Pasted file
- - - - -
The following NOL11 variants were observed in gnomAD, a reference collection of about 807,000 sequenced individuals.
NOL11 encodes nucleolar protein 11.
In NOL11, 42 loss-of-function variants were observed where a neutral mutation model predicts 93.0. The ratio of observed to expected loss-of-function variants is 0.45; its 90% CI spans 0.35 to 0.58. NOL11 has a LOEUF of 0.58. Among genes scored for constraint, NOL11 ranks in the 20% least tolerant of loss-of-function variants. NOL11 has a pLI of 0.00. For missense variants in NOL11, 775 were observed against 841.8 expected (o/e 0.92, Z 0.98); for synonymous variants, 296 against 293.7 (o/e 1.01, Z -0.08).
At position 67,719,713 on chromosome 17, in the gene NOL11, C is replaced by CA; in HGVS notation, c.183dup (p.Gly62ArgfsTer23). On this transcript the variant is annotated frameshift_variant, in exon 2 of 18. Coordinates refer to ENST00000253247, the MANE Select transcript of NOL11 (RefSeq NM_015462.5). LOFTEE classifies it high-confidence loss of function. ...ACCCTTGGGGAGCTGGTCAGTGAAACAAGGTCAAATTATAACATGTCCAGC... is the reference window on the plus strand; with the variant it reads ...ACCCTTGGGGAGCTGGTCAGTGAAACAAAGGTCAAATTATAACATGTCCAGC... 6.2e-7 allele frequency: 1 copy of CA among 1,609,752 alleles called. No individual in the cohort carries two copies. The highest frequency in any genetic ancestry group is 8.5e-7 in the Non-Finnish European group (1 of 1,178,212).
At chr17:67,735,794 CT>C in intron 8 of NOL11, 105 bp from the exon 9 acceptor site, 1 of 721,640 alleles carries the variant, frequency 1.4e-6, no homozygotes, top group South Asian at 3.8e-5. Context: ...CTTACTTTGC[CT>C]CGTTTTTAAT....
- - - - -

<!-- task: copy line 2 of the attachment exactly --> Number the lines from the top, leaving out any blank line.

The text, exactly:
NOL11 encodes nucleolar protein 11.